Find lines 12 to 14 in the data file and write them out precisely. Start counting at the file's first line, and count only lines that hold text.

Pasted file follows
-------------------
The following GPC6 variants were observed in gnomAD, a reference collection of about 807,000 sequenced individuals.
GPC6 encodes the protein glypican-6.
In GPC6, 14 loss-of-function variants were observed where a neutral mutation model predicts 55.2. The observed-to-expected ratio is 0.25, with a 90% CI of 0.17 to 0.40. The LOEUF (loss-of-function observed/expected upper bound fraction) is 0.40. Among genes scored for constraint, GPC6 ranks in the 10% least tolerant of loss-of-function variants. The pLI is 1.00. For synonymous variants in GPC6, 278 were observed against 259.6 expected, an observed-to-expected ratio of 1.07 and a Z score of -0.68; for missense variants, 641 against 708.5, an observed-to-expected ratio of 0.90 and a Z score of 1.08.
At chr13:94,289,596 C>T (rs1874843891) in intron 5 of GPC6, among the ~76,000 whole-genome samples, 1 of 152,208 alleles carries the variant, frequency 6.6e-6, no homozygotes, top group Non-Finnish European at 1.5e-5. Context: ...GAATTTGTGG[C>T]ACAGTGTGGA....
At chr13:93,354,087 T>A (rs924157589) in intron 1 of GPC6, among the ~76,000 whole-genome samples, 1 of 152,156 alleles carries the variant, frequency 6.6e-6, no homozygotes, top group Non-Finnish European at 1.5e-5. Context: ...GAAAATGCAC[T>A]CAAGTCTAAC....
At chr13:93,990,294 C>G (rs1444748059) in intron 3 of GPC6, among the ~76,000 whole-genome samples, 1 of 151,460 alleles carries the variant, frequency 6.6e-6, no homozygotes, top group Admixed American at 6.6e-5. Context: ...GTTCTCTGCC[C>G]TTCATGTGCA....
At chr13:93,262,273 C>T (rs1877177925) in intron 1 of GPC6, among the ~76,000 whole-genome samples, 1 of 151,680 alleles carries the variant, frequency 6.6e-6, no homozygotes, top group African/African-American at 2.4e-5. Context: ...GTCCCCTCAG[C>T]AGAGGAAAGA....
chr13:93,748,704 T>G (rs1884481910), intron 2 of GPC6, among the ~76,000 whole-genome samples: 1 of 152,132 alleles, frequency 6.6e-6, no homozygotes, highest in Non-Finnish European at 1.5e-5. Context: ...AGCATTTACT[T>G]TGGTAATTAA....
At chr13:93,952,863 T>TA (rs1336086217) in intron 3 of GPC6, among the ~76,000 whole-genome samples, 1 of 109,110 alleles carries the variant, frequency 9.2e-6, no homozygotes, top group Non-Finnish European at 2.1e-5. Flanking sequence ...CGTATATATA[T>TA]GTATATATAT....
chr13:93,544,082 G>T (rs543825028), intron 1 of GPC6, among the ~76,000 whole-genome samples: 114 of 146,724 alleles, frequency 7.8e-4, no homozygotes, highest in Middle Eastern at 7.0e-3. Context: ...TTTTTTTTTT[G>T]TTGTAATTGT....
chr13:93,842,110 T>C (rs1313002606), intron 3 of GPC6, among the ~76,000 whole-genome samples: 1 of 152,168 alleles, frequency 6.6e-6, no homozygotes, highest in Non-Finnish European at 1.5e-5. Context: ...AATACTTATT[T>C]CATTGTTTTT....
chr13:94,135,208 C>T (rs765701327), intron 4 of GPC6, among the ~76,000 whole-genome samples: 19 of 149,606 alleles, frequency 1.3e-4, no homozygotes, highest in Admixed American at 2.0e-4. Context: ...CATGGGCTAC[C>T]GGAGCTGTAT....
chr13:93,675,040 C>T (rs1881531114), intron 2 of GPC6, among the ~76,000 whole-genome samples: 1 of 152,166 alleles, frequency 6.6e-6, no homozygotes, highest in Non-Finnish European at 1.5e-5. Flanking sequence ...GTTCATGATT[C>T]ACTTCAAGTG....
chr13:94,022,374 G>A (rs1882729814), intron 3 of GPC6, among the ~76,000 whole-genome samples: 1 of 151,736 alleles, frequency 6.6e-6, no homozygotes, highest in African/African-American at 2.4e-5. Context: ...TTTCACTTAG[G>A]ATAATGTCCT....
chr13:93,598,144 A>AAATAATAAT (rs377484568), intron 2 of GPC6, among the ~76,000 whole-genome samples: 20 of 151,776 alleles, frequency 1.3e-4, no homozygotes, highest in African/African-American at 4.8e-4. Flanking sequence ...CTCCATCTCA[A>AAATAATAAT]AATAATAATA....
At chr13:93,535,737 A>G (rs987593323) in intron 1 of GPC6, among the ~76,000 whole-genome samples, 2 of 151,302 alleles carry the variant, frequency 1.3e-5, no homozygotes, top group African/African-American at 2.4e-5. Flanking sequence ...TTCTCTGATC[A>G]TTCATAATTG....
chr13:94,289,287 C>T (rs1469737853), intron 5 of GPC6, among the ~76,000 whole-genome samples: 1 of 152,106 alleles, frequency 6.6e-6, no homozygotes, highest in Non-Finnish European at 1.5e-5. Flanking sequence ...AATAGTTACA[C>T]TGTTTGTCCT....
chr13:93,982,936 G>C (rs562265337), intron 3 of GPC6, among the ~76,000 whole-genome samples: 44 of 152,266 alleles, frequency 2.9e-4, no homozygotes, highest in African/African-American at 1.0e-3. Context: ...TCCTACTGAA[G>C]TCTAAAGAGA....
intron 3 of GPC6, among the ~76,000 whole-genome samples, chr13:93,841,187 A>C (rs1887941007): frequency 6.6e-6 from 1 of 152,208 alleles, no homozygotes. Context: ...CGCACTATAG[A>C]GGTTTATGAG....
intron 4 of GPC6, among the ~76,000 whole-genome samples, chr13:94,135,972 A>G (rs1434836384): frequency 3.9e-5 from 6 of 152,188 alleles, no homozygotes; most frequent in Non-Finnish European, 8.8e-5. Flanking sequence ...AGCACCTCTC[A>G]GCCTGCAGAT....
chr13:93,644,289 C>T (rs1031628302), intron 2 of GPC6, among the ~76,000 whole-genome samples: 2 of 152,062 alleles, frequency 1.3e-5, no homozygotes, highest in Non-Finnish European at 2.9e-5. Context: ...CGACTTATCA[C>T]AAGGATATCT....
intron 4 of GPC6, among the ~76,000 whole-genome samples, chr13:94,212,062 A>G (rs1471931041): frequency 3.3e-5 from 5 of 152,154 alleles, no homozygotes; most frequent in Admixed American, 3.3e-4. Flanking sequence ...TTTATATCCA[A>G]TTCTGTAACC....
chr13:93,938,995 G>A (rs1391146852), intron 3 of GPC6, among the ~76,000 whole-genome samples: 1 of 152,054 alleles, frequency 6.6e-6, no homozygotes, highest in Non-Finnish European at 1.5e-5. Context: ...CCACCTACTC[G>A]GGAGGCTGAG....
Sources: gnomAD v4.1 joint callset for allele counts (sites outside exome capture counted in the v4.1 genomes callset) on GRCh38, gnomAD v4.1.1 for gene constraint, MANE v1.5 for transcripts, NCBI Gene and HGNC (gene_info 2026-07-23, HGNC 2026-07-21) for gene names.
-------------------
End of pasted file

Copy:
chr13:94,135,208 C>T (rs765701327), intron 4 of GPC6, among the ~76,000 whole-genome samples: 19 of 149,606 alleles, frequency 1.3e-4, no homozygotes, highest in Admixed American at 2.0e-4. Context: ...CATGGGCTAC[C>T]GGAGCTGTAT....
chr13:93,675,040 C>T (rs1881531114), intron 2 of GPC6, among the ~76,000 whole-genome samples: 1 of 152,166 alleles, frequency 6.6e-6, no homozygotes, highest in Non-Finnish European at 1.5e-5. Flanking sequence ...GTTCATGATT[C>T]ACTTCAAGTG....
chr13:94,022,374 G>A (rs1882729814), intron 3 of GPC6, among the ~76,000 whole-genome samples: 1 of 151,736 alleles, frequency 6.6e-6, no homozygotes, highest in African/African-American at 2.4e-5. Context: ...TTTCACTTAG[G>A]ATAATGTCCT....